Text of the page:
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TJ, Esq.
TJ, Esq., Attorney
Category: Landlord-Tenant
Satisfied Customers: 12249
Experience:  JD, MBA
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last night i signed a lease agreement with larson toyota for

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last night i signed a lease agreement with larson toyota for a new 2013 Venza XLE that according to the documents has 52 miles on it. All documents were signed by both parties and my next payment, according to the documents is Nov 12, 1013 which would be one month from yesterday. When they went to get my car from the other dealer (as a trade between them) they discovered the car has 4,500 miles on it. I told them this is unacceptable and they need to find another car. Problem is all 2013 Venza's of type XLE are gone now. But they have a limited, which is the next trim up. I told them that they need to honor the good faith negotiation and documents we signed and find a way to get me the only car available to them with the options I paid for which is the limited version. They said they would but they would add $4000 to the terms of my already signed and executed lease. I said you are wrong and that it is probably not worth the real difference in price between these two versions (about 2,000) to breach the contract they have with me leaving me no choice but to lawyer up. They said go ahead, they can throw away the documents any time they want, meaning, they can terminate the lease contract without cause. According to my understanding, they cannot, I would need to violate the lease terms in some way like miss a payment. What do you think?
Hello and thank you for the opportunity to assist you. My name is XXXXX XXXXX I will do my very best to answer your legal questions.

First and foremost, whether or not the dealer can unilaterally cancel the lease depends upon the terms of the lease. If the lease specifically allows the dealer to cancel, then the dealer may do so. But if the lease does not specifically allow the dealer to cancel, then the dealer cannot do so. Obviously, you'll need to review the lease in detail in order to determine whether it allows the dealer to cancel.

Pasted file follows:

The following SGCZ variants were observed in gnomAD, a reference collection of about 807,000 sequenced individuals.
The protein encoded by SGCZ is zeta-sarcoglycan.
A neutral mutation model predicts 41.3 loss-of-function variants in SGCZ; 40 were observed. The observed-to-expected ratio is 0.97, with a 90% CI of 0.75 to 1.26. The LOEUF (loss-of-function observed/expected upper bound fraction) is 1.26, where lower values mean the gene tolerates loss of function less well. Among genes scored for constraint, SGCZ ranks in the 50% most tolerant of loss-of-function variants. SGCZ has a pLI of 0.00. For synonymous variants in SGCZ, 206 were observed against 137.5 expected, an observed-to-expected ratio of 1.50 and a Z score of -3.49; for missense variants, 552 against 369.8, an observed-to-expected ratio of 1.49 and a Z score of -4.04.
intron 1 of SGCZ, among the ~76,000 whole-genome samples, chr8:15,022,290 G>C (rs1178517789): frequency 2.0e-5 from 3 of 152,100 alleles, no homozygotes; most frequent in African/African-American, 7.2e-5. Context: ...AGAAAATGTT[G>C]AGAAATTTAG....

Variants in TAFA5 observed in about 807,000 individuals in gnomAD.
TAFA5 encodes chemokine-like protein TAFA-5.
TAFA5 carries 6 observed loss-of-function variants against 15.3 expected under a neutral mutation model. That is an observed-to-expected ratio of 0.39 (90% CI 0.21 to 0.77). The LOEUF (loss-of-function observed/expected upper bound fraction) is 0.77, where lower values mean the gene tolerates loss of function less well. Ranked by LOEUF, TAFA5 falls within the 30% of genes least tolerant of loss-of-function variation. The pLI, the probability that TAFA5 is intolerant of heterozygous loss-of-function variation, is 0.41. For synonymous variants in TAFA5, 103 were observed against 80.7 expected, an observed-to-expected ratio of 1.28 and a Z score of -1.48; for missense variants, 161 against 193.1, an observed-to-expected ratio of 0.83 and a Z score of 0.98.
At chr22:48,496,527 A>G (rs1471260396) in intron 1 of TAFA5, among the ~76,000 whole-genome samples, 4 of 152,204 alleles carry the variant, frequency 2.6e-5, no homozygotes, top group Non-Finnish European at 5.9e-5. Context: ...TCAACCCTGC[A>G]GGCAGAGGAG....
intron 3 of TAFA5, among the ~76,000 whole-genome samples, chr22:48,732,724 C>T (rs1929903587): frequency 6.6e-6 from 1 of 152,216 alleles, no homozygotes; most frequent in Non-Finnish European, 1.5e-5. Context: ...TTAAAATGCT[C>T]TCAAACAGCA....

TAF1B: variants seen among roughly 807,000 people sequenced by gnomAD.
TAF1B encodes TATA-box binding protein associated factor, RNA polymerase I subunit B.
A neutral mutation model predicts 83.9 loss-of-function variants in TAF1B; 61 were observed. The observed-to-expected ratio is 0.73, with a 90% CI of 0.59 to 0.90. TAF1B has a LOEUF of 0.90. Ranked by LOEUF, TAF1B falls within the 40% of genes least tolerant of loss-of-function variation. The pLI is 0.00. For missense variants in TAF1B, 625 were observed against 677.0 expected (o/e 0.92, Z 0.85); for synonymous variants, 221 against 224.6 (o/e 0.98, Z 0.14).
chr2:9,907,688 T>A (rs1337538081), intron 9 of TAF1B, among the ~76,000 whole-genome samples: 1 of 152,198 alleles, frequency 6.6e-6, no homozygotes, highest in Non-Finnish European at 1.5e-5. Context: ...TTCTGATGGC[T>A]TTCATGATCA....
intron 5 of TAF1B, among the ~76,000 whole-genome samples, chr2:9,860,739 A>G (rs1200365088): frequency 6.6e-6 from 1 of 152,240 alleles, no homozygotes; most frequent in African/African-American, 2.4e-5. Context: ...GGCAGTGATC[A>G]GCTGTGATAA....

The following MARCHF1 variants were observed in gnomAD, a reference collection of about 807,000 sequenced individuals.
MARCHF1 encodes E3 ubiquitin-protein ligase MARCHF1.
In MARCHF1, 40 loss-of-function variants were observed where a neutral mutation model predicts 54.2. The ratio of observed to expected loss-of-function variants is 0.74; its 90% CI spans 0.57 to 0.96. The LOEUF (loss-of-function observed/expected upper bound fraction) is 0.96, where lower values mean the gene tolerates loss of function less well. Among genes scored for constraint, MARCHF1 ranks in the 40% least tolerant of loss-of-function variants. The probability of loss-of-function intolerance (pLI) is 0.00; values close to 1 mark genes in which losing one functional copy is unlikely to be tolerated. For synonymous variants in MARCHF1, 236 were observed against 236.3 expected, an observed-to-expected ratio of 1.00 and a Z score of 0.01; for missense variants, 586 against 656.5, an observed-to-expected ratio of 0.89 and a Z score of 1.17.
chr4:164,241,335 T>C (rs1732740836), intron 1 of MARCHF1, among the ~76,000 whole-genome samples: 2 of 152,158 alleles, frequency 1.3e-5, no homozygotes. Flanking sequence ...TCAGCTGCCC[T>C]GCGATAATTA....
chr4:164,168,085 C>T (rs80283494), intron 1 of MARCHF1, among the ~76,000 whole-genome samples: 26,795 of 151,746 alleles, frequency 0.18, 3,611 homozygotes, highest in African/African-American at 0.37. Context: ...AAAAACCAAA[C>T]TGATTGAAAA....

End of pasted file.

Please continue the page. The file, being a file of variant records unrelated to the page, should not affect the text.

If the lease does not allow the dealer to unilaterally cancel the lease, and assuming there are no other provisions that govern what happens in the event that the car you leased is unavailable, then you could theoretically sue the dealer for your losses. You would determine your losses by leasing a comparable car from a different dealer. If you must pay more, then you have suffered a loss, and you should be compensated. For example, if the total cost of the lease is $2000 more from another dealer, then you could sue for $2000. On the other hand, if you can lease a comparable vehicle elsewhere for the same price, then you have not really suffered a loss as a result of the breach, and so you wouldn't likely win a lawsuit for monetary damages.

So, the botXXXXX XXXXXne is that you first need to review the lease in order to determine the terms. If the dealer cannot cancel the lease and there are no other provisions that apply in this situation, then you can try to find the car you want elsewhere and see if you need to pay more. If you do need to pay more, then you can sue the dealer for the difference. You would also attempt to negotiate with the dealer in order to bring down the price of the limited version. Bear in mind that the dealer does not have to give you the limited version for the same price, however. You may wish to price out the car at other dealers, and if it will cost more, then tell the dealer that it will cost more and that you've spoken to a lawyer and will sue if something can't be worked out. The dealer may budge on the price of the limited version, or offer some other deal.

Does that answer your question? Please let me know if you need clarification, as I am happy to continue helping you until you are satisfied. Also, your positive feedback is greatly appreciated. Thank you for using our service!

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